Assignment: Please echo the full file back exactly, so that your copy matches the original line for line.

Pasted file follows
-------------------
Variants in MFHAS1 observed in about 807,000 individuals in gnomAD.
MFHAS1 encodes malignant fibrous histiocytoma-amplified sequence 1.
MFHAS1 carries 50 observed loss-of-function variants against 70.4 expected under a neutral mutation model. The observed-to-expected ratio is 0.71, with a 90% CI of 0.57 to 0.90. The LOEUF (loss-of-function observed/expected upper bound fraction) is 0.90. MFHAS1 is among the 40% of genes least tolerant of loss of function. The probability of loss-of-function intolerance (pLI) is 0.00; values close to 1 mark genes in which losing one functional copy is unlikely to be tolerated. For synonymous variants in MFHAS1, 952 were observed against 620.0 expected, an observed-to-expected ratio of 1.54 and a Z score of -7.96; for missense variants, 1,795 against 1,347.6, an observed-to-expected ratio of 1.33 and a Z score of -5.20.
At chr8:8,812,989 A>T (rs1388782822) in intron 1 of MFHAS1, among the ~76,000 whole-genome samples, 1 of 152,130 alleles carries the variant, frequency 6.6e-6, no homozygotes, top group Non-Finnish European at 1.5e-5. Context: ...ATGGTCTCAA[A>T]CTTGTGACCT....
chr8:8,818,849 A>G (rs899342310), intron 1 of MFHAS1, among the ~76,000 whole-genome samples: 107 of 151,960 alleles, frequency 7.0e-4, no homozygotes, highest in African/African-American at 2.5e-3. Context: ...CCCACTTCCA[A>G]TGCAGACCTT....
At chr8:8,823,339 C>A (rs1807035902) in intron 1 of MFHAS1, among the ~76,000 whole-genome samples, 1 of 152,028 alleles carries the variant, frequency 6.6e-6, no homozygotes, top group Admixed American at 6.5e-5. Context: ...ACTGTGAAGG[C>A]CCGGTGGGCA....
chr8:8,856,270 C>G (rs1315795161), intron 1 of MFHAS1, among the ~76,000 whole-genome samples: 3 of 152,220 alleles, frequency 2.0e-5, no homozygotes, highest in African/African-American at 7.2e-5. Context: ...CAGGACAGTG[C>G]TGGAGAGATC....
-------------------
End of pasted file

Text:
Variants in MFHAS1 observed in about 807,000 individuals in gnomAD.
MFHAS1 encodes malignant fibrous histiocytoma-amplified sequence 1.
MFHAS1 carries 50 observed loss-of-function variants against 70.4 expected under a neutral mutation model. The observed-to-expected ratio is 0.71, with a 90% CI of 0.57 to 0.90. The LOEUF (loss-of-function observed/expected upper bound fraction) is 0.90. MFHAS1 is among the 40% of genes least tolerant of loss of function. The probability of loss-of-function intolerance (pLI) is 0.00; values close to 1 mark genes in which losing one functional copy is unlikely to be tolerated. For synonymous variants in MFHAS1, 952 were observed against 620.0 expected, an observed-to-expected ratio of 1.54 and a Z score of -7.96; for missense variants, 1,795 against 1,347.6, an observed-to-expected ratio of 1.33 and a Z score of -5.20.
At chr8:8,812,989 A>T (rs1388782822) in intron 1 of MFHAS1, among the ~76,000 whole-genome samples, 1 of 152,130 alleles carries the variant, frequency 6.6e-6, no homozygotes, top group Non-Finnish European at 1.5e-5. Context: ...ATGGTCTCAA[A>T]CTTGTGACCT....
chr8:8,818,849 A>G (rs899342310), intron 1 of MFHAS1, among the ~76,000 whole-genome samples: 107 of 151,960 alleles, frequency 7.0e-4, no homozygotes, highest in African/African-American at 2.5e-3. Context: ...CCCACTTCCA[A>G]TGCAGACCTT....
At chr8:8,823,339 C>A (rs1807035902) in intron 1 of MFHAS1, among the ~76,000 whole-genome samples, 1 of 152,028 alleles carries the variant, frequency 6.6e-6, no homozygotes, top group Admixed American at 6.5e-5. Context: ...ACTGTGAAGG[C>A]CCGGTGGGCA....
chr8:8,856,270 C>G (rs1315795161), intron 1 of MFHAS1, among the ~76,000 whole-genome samples: 3 of 152,220 alleles, frequency 2.0e-5, no homozygotes, highest in African/African-American at 7.2e-5. Context: ...CAGGACAGTG[C>G]TGGAGAGATC....